Harry Forbes (Catholic News Service) says Sandler "shows more depth as an actor than he has before, suggesting it might be time he put away the sophomoric shtick. … All in all, [the writers] should have opted for a classier approach, and made a film appropriate for a much wider audience. That being said, no one's going to argue with the film's ultimate rousingly affirmative conclusion: Family comes first."

Marcus Yoars (Plugged In) says he "wanted to like this movie. It's been a while since I've seen a flick with core messages so uplifting and valuable for our worked-to-death society. I wanted to laugh, cry and leave the theater with a desire to love my family more and live every day as if it were my last. Instead, I left wishing I had one of those nifty universal remotes for myself—so I could skip all the tart and tawdry stuff and chew on the five minutes that are worth clicking to."

"Were the film honest in its convictions about family life and paternal love, rather than a weak excuse for crude jokes and sitcom-style gags, it might deserve the benefit of any doubt," says Christian Hamaker (Crosswalk). "Instead, this cold-hearted, unfunny film deserves something else: the cold shoulder."

Mainstream critics are trying to persuade audiences to change the channel.

Dethroning The King

In The King, a Navy officer named Elvis is discharged, goes home to Corpus Christi, Texas, and seeks out his estranged father. He's not quite prepared for what he finds there. His father (William Hurt) is now a Baptist preacher who isn't interested in letting his parishioners know the truth about his past and his forgotten son. To make matters worse, Elvis is immediately attracted to his father's beautiful daughter—and before long, Elvis is shaking, rattling, and rolling the family's picture-perfect lives.

Yes, once again Christians are portrayed on the big screen as especially rotten individuals.

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Peter T. Chattaway (Christianity Today Movies) says, "And while I would like to say that it provides a complex, many-shades-of-grey look at the nature of repentance or the consequences of sin, the film's shallowness in certain crucial areas makes it difficult to be so positive. I'm all in favor of warts-and-all depictions of Christians, and generous viewers might be willing to give the most positive spin possible to David's actions. … But the closer you look, the more you realize that warts are all this film has to offer."

Mainstream critics are offering mixed reviews.

Nick Cave's violent Proposition

Rock singer Nick Cave, whose albums frequently explore the dark territories between the gospel story and tales of human depravity, has now brought his imagination to the big screen in a violent Western tale called The Proposition. Directed by John Hillcoat, this dusty, daunting film features performances by Guy Pearce, Danny Huston, John Hurt, Emily Watson, and Ray Winstone.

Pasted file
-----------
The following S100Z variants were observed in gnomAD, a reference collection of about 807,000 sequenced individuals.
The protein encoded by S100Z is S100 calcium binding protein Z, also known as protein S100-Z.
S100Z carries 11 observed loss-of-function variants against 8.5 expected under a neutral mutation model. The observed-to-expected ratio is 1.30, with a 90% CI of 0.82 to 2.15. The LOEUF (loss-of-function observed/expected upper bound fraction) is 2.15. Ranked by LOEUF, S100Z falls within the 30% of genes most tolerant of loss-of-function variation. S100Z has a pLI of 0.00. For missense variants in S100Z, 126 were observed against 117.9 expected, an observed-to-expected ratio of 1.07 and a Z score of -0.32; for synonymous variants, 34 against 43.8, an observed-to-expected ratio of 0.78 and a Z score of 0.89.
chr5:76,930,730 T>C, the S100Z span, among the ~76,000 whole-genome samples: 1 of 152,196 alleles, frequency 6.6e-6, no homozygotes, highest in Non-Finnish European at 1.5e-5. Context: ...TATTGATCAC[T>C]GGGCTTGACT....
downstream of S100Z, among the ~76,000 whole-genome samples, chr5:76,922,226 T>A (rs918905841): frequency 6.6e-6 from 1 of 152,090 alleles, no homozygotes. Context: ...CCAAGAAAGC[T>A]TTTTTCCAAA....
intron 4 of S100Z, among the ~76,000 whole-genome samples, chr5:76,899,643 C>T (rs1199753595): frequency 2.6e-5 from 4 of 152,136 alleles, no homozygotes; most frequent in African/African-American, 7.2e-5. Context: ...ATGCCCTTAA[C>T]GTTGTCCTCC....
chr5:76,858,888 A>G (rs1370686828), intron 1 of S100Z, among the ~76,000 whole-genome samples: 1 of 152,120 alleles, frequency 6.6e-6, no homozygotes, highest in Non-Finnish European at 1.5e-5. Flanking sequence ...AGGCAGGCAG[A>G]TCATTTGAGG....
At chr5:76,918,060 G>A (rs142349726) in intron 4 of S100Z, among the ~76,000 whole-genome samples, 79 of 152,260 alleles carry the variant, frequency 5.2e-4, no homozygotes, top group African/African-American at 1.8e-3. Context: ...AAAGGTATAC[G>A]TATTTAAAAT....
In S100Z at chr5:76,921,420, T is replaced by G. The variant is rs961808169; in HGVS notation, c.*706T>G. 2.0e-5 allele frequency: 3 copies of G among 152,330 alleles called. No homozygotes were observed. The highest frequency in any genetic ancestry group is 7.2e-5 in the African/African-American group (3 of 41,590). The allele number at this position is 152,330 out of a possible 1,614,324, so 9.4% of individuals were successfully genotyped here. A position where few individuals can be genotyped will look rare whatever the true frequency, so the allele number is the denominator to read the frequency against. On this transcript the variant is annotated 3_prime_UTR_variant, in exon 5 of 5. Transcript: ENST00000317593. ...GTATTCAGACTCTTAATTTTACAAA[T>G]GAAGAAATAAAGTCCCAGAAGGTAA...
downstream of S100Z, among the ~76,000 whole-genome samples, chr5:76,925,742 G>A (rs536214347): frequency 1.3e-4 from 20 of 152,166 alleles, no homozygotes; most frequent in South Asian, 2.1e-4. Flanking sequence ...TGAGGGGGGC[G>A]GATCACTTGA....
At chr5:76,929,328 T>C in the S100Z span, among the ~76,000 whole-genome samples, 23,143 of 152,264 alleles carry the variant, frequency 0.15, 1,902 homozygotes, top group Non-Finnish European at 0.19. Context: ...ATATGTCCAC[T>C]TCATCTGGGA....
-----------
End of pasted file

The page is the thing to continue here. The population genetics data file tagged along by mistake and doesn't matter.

Josh Hurst (Reveal) writes, "Though The Proposition does indeed share much in common with Cave's music—it's dark, bloody, and theatrical, with an undercurrent of dialogue with the Divine—the film is also overlong, unbearably harsh, and overbearingly violent, with very little payoff in the end."

Harry Forbes (Catholic News Service) praises the "desolate ambience" and the performances. And he concludes that the film is "sometimes absorbing but more often tedious. … The film is not without moral complexity as nearly all the characters are faced with ethical dilemmas and the line between 'good' and 'bad' is very fine. But for all its metaphorical purpose … the intense savagery in this gritty, somber tale will not be to every taste."

Mainstream critics are praising the film as a vital new Western and, in fact, as one of the year's best films.

An inspiring work of Wordplay

Which is more entertaining—a crossword puzzle, or a movie about crossword puzzles?

Wordplay takes us into the world of Will Shortz, the genius crossword-designer at The New York Times, showing us the devotion of crossword fans and the many creative agents who contribute to a puzzle's construction.

Christian Hamaker (Crosswalk) says the film, "like the fictional Akeelah and the Bee from earlier this year, portrays the development of particular talents through practice and diligence. Although the personalities on display are not all entirely admirable, the film's focus on dedication, joy and community is inspirational. It's more fun than most summer blockbusters and a respite from the other nonfiction films … currently in release."

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Mainstream critics have plenty of good words for this one.

A hero Waist Deep in compromise

The central character of Waist Deep, a security guard named O2, is an ex-con trying to get his life back on track and to be a good father to his young boy. But when his car—and his son—are stolen by a drug lord named Big Meat, O2 decides that the ends justify the means. And the means, well, that involves starting a gang war and designing a robbery.

Before long, viewers are waist deep in moral compromise.

Bob Hoose (Plugged In) says the move "never rings true." He describes it as "a typical gutter-mouthed action flick on steroids, careening wildly between bloody grotesqueries and teary Vaseline-lensed sentimentality."

"Buried somewhere in director Vondie Curtis-Hall's gritty but empty urban drama is a story about the love between a father and son," writes David DiCerto (Catholic News Service). "But be warned anything positive it has to say is drowned out by the bullets and brutality. And the morally murky means by which they go about raising ransom is also problematic."

Mainstream critics call it a waste.

More reviews of recent releases

Cars: Greg Tubbs (Ethics Daily) calls it a "hybrid of a different and delightful kind. It combines the sleek, 'wow'-worthy visuals of Pixar's computer animation with the rich, old-fashioned storytelling of classic Disney. … Pop the hood on Cars and you'll find an engine purring with soul, humor and solid life-lessons, fueled by pure heart."